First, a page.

San Francisco weather: the best in America?
Having lived all over America, this native of San Francisco makes the bold claim that San Francisco weather is the jewel of American climates. Although I know that there are those who love the hot, broiling desert summers, the bone-chilling winters of Minnesota and the wilting humidity of the Southern states, three generations of my family have loved the even, pleasant, indeed blessed, San Francisco weather. Let me see if I cannot convince you too. Besides the diversity of culture to be found, the multitude of parks, museums, theatre, fabulous dining and other entertainments, I'd probably love San Francisco simply for the climate. There's no need for multiple wardrobes for every horrific seasonal change, snow shovels or mosquito repellent by the gallon. True, you'll need a coat for winter rains, but this coat has year-round purpose, just as useful on a chilly evening in any season.
In winter, umbrellas are necessary items, but are rarely blown inside out and ruined by nasty gale winds. San Francisco weather boasts early springs, with winter rains abating, for the most part, in February. February and March bring all the flowering trees into bloom, making a delightful occasion for a visit to Golden Gate Park. Azaleas and rhododendrons are abundant, with spectacular flower beds surrounding the Conservatory. Cool weather prevails, but usually all that's required to ward off the chill is a light windbreaker.
From April through August, San Francisco weather is best described as temperate. Nice days are the norm, with temperatures averaging between 65( and 72(. Come September, you may experience the worst San Francisco weather has to offer. This consists of perhaps a few days or a week at the most of a hot spell, when the temperature may soar to 90( in its Indian summer stage. Everyone hangs out of their open windows, complaining loudly of this heat and waiting for it to end, amid great sighs of relief. Another lovely feature of San Francisco weather are the differences by neighborhood. If you love fog, move to the Richmond or Sunset districts, or better yet out by the beach. For the greatest number of sunny days per year, settle in the Noe Valley or Mission districts. Pacific Heights offers a mix, tending towards sunny weather where you can look down towards the Bay and simply watch the fog roll in every evening. Although the Financial district and downtown typically sport sunny skies, the tall buildings make for brisk breezes with a bit of a chill.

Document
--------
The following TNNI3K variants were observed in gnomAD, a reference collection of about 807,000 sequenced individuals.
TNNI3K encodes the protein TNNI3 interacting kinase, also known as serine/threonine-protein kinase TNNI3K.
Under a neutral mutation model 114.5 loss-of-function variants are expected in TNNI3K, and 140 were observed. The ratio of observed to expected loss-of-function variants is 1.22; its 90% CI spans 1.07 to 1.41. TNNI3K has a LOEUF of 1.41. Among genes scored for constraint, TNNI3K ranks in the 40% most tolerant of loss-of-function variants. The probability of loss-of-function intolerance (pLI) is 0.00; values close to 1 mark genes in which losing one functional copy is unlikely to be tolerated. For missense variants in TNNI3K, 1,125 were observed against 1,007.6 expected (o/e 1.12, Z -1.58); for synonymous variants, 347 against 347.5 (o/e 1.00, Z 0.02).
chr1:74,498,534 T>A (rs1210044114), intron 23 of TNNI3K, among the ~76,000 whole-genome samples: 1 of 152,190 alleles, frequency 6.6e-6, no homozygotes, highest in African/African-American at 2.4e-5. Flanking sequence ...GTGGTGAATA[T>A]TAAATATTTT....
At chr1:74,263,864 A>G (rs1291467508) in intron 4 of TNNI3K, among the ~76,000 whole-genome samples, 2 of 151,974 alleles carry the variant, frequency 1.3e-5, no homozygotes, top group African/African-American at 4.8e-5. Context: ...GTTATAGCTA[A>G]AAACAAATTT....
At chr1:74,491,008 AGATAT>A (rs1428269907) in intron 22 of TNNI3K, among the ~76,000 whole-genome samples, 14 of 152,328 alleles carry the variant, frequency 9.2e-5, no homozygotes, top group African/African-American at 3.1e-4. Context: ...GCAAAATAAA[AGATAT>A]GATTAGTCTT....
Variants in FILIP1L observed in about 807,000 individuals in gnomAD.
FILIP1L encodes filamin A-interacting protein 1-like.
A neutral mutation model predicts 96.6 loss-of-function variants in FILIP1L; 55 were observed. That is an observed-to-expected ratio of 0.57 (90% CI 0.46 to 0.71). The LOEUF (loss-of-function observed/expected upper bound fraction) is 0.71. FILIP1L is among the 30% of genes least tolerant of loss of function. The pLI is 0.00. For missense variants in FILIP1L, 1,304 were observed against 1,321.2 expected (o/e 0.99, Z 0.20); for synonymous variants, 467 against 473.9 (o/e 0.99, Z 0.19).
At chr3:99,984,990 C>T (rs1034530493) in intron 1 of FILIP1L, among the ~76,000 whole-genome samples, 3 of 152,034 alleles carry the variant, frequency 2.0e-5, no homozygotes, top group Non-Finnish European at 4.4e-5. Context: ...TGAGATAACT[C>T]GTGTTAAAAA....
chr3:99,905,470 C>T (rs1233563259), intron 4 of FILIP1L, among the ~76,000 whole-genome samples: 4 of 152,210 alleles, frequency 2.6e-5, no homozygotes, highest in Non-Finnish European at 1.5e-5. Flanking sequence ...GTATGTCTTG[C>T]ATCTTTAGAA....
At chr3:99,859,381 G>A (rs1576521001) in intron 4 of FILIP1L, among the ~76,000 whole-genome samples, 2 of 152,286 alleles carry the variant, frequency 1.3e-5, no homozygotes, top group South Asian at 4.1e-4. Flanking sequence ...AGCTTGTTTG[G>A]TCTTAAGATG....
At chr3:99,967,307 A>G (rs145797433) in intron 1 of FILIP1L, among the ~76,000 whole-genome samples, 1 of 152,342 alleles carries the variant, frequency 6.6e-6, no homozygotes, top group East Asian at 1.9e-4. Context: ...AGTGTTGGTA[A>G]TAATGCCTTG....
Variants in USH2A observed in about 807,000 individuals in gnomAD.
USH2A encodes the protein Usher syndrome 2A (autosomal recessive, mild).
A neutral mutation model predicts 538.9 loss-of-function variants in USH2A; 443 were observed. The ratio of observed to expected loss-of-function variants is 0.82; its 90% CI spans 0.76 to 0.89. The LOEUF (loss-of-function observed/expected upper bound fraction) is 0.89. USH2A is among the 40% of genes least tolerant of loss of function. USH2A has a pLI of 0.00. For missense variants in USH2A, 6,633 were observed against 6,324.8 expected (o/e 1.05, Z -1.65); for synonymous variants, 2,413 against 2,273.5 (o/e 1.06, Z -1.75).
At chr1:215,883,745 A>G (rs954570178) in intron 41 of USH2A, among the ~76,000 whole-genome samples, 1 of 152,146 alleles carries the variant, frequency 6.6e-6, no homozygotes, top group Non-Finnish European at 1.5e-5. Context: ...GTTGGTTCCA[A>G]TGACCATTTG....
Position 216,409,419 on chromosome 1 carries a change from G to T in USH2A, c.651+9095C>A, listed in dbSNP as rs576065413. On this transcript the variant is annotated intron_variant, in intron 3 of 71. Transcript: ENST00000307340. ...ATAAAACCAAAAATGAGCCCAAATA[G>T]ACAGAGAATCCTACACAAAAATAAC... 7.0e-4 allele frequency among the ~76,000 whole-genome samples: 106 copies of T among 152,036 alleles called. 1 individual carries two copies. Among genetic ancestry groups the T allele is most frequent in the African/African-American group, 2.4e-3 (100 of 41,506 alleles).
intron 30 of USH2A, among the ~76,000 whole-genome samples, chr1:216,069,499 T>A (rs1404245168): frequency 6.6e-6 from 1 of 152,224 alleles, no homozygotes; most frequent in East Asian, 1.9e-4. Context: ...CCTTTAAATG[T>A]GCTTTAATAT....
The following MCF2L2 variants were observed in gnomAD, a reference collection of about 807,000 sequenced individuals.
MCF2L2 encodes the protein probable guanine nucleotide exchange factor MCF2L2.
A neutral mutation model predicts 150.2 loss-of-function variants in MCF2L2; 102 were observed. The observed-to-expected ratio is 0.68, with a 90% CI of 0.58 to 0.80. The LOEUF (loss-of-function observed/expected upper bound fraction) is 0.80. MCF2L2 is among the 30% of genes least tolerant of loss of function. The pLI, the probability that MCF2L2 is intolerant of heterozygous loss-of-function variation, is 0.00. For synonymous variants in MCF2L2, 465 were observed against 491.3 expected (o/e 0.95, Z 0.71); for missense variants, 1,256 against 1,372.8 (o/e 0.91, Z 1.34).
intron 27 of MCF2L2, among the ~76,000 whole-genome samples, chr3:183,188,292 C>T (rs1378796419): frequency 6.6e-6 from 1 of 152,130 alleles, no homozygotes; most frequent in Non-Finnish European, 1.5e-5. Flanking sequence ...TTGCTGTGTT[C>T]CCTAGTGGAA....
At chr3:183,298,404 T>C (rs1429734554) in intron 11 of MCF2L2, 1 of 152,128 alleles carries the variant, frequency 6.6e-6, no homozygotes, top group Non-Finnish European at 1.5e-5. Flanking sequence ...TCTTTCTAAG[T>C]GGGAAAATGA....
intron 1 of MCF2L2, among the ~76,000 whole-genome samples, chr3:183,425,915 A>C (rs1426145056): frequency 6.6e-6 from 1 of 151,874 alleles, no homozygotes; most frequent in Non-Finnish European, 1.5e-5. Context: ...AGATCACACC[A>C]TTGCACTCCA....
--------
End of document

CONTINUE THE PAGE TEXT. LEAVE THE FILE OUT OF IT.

For those who like to see the change of seasons with falling leaves, San Francisco obliges, with a smattering of deciduous trees to be found in every neighborhood and all over Golden Gate Park. If you haven't visited San Francisco, any time is a good time for pleasant weather - just try not to hit those scorching early September days.
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